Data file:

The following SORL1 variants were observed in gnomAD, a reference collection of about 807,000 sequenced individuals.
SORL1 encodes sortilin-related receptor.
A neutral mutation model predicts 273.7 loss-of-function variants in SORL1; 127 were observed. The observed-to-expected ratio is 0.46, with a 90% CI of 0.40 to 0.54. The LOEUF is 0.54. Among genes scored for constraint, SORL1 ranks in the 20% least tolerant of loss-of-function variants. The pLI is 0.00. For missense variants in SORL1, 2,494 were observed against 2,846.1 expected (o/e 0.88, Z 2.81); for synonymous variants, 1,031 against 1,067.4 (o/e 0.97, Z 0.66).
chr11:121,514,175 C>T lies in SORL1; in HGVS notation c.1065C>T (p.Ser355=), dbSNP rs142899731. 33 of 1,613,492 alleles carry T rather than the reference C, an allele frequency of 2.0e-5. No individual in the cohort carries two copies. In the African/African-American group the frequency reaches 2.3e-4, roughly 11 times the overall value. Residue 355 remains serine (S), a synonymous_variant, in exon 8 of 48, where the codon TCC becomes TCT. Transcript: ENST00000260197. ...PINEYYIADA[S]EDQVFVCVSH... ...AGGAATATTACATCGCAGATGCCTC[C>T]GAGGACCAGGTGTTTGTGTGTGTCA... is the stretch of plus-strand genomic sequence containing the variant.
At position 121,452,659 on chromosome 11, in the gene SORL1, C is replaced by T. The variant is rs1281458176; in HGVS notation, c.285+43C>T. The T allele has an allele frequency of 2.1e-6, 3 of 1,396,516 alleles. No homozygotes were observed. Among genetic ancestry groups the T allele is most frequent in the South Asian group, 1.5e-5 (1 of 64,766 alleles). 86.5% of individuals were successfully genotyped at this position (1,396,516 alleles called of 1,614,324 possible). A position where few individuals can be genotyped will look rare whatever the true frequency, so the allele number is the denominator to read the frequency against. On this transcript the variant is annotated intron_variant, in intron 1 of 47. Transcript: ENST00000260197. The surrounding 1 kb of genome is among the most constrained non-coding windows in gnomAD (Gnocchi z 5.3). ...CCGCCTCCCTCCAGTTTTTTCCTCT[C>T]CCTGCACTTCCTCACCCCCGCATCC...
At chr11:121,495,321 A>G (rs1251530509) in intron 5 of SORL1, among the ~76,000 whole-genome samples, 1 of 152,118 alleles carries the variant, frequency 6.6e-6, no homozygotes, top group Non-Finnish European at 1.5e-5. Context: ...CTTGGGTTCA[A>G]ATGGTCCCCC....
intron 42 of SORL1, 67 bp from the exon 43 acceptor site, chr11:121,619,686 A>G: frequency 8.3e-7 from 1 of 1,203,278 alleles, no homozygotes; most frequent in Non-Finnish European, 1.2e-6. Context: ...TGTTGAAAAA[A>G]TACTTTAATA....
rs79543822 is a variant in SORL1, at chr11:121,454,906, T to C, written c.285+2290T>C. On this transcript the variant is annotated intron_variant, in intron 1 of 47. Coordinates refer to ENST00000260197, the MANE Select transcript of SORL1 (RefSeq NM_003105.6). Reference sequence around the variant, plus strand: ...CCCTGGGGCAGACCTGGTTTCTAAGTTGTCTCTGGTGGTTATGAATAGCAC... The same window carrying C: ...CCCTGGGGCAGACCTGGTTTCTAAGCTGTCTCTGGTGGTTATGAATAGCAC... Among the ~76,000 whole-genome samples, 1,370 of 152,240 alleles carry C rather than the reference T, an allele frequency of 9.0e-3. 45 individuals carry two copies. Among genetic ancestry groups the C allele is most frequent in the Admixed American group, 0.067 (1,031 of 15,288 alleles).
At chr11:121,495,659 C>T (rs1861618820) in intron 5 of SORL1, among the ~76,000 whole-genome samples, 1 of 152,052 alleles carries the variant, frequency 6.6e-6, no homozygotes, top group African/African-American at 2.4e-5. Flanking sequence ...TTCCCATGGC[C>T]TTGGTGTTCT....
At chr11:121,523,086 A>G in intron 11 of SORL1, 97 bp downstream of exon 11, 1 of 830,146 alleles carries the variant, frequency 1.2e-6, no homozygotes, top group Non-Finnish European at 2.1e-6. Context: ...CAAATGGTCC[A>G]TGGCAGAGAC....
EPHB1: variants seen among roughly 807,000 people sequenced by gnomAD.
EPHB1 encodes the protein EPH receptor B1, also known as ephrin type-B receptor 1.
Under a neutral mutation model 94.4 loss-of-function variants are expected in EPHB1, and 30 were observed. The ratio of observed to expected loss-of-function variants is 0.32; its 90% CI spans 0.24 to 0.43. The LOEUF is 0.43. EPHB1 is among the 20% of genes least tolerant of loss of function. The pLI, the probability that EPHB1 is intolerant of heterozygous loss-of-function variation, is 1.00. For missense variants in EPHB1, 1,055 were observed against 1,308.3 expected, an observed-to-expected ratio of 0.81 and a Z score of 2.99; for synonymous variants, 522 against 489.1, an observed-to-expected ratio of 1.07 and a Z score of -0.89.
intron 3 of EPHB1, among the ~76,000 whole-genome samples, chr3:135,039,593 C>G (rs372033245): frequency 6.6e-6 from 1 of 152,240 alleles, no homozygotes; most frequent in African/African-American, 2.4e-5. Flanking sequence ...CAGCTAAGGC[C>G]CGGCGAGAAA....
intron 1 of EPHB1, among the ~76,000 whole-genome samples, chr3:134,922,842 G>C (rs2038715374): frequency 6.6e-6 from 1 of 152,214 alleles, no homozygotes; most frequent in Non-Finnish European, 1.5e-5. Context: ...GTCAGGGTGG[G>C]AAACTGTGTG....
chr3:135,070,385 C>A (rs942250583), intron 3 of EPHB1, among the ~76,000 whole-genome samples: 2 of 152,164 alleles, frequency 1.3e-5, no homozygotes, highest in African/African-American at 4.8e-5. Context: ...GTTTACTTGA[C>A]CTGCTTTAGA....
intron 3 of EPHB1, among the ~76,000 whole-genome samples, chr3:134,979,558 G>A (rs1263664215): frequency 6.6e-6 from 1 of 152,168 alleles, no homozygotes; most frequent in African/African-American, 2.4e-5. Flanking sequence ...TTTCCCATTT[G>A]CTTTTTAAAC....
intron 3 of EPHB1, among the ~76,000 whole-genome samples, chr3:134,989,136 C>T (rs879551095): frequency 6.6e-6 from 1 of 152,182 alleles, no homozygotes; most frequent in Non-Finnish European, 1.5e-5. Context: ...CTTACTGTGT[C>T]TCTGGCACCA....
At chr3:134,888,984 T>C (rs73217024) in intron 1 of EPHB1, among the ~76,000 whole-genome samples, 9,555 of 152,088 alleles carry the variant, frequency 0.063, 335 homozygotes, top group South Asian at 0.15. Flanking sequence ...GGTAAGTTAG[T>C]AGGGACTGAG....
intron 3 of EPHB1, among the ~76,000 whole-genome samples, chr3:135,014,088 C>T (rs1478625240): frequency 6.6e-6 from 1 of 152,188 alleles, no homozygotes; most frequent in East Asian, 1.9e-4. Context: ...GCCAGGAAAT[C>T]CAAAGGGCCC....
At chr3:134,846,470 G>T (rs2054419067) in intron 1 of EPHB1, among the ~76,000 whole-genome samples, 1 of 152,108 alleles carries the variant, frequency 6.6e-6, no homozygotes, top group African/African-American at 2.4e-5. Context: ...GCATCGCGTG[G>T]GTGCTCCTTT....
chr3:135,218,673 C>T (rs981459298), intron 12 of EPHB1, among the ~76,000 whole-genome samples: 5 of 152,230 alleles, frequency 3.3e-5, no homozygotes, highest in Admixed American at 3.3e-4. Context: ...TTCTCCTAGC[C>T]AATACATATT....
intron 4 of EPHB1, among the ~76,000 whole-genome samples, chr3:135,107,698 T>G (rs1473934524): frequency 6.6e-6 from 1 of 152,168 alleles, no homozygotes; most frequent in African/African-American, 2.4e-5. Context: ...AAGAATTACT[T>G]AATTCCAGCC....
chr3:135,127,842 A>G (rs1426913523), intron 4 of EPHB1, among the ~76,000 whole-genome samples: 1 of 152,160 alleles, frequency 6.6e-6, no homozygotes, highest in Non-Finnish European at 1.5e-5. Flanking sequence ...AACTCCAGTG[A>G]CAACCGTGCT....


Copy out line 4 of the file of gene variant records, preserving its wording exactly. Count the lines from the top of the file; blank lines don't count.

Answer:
chr11:121,514,175 C>T lies in SORL1; in HGVS notation c.1065C>T (p.Ser355=), dbSNP rs142899731. 33 of 1,613,492 alleles carry T rather than the reference C, an allele frequency of 2.0e-5. No individual in the cohort carries two copies. In the African/African-American group the frequency reaches 2.3e-4, roughly 11 times the overall value. Residue 355 remains serine (S), a synonymous_variant, in exon 8 of 48, where the codon TCC becomes TCT. Transcript: ENST00000260197. ...PINEYYIADA[S]EDQVFVCVSH... ...AGGAATATTACATCGCAGATGCCTC[C>T]GAGGACCAGGTGTTTGTGTGTGTCA... is the stretch of plus-strand genomic sequence containing the variant.